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Woodbury Facebook hacker sentenced on 13 identity theft counts

A case that prosecutors said is emblematic of the hazards of sharing information online has led to jail time and thousands in fines for a Woodbury man.

A Washington County district court judge on June 22 sentenced Woodbury resident Timothy Noirjean to 150 days in jail, five years on probation and more than $15,000 in fines.

Noirjean, 27, pleaded guilty in March to 13 counts of electronic identity theft. He was accused of posing as a Facebook friend to an Oakdale woman and hacking her information - and information belonging to her friends.

Washington County Attorney Pete Orput said his prosecutors never budged from his assertion in 2011 that the case would not be plea-bargained.

"I'm not willing to tell one or several (of the victims) that we dismissed one or several of the counts in return for guilty pleas for the others," Orput said.

He said he was committed to getting convictions on the 13 counts - all felonies - due to the harm caused by Noirjean's actions. After hacking the women's information, Noirjean posted photos of several of the women on an adult website.

Orput said that while his office could prosecute Noirjean, it couldn't legally make the website take down the photos.

"That harm goes on forever," he said.

Orput said Internet users must be critical when it comes to sharing information, adding that identity theft has emerged as perhaps the most common crime in Washington County.

"This case illustrates the need to be very, very safe and vigilant online," he said. "I hope people just won't share passwords with anybody."

Authorities were alerted to the case in February 2010 after the Oakdale woman came forward with information about an unusual Facebook encounter.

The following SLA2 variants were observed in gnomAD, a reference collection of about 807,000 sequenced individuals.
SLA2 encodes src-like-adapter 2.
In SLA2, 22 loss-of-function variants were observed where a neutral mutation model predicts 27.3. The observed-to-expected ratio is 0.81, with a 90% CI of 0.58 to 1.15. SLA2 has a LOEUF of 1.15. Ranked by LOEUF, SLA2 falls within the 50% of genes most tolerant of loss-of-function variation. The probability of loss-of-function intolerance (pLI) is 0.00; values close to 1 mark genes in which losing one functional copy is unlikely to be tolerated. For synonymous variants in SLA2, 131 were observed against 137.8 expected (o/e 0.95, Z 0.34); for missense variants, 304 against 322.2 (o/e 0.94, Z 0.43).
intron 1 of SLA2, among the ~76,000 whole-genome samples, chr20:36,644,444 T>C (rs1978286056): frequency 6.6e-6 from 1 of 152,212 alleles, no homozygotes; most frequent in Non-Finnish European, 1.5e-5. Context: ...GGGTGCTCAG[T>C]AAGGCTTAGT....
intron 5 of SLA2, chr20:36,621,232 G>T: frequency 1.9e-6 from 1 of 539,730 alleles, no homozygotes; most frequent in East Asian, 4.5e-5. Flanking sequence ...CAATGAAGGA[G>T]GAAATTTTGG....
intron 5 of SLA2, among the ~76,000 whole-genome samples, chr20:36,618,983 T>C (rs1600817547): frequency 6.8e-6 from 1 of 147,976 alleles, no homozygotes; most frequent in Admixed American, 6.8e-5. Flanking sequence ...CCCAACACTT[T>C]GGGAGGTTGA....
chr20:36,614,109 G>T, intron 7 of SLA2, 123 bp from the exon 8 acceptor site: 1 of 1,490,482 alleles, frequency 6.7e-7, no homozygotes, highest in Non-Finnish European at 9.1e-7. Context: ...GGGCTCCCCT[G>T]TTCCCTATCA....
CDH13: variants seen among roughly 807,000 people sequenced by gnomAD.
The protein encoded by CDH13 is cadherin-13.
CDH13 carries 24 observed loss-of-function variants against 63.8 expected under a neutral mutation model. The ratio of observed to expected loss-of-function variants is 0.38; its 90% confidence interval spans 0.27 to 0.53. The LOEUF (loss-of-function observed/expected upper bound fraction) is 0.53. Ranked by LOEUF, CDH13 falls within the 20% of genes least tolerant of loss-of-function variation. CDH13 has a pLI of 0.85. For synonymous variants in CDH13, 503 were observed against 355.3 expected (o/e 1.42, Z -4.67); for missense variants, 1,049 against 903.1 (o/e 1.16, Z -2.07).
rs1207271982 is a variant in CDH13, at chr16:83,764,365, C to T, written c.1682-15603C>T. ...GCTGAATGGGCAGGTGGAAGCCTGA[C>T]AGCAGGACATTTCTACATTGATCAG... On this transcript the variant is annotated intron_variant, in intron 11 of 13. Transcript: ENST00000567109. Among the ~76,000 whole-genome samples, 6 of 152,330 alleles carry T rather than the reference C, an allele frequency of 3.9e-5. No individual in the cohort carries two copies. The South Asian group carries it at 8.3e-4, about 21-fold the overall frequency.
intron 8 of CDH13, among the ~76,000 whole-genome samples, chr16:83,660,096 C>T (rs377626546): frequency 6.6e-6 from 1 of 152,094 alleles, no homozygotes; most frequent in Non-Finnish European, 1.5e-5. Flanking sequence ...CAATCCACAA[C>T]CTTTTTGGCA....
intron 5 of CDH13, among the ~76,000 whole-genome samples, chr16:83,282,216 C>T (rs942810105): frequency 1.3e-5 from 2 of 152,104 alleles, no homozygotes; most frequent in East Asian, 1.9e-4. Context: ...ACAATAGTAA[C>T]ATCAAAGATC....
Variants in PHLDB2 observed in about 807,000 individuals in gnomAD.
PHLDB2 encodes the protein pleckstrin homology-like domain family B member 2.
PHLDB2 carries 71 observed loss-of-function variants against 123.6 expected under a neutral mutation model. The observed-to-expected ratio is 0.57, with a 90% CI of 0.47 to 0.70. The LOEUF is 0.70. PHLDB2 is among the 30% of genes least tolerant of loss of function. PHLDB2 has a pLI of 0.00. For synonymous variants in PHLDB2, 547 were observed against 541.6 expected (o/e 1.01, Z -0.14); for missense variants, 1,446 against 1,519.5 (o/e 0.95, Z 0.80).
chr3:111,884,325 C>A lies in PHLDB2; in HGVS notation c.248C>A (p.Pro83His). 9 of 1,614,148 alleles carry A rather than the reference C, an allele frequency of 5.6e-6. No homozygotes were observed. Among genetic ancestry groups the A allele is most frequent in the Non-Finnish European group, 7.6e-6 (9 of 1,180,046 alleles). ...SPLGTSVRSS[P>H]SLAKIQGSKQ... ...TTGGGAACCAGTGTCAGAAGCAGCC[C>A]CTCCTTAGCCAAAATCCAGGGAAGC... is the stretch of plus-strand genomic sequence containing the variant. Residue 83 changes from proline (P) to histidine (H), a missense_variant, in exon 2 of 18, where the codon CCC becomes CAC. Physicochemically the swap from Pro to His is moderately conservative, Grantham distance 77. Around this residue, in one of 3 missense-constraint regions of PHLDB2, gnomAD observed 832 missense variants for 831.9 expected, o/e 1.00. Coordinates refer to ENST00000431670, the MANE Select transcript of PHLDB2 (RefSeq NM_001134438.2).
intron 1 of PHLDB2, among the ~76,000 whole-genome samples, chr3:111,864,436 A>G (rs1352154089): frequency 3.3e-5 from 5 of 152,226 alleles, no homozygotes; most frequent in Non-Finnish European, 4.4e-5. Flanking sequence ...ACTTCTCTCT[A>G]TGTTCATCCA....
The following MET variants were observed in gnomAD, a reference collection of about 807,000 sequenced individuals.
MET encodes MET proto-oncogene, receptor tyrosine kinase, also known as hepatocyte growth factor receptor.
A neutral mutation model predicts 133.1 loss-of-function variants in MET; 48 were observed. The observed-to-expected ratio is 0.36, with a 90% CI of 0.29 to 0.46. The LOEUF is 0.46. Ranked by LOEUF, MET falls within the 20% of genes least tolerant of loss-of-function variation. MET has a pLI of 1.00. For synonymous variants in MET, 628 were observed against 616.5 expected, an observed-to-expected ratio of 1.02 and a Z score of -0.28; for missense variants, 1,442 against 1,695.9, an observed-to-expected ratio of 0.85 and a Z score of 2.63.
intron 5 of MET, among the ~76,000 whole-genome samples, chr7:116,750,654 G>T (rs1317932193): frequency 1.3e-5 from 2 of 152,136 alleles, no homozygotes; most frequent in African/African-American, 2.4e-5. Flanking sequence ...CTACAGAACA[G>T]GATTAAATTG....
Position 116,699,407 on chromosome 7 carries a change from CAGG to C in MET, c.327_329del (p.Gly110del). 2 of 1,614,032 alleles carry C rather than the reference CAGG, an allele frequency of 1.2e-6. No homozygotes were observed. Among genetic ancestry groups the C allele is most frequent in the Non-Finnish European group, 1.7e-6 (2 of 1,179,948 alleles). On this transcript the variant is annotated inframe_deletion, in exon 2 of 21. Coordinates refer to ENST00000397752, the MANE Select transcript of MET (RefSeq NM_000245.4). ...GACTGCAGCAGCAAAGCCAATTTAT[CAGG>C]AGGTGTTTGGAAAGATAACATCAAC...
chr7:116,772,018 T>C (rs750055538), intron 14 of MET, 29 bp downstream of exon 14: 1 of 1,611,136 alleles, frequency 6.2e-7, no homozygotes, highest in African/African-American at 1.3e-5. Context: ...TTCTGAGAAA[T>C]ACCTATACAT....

According to a criminal complaint, the woman reported having a Facebook chat with someone she thought was a friend. When the woman logged off Facebook, then attempted to log back in, she learned her password had been changed.

After gaining access to her Facebook page, she found a link on her page that appeared to have been posted by the friend she had been chatting with earlier. That link led to a sexually explicit website that contained three of the woman's photos and identified her by first and last name and city of residence. Those photos had been stored in her email account, according to the complaint.

The woman then realized that she had unwittingly disclosed account information to her chat correspondent, later identified as Noirjean. The friend Noirjean had been posing as also learned her account information had been hacked.

Police closed in on Noirjean using Internet records. In an interview with police, Noirjean admitted to hacking into - or attempting to hack - more than 100 accounts.

More victims were discovered after a search of Noirjean's computer.

As part of the sentence, Tenth District Court Judge Elizabeth Martin ordered Noirjean to pay $1,000 to each of the 13 victims. She also required him to pay more than $2,000 to two women to cover computer expenses.

Noirjean must also complete 100 hours of community service, attend counseling and provide a DNA sample as part of the sentence.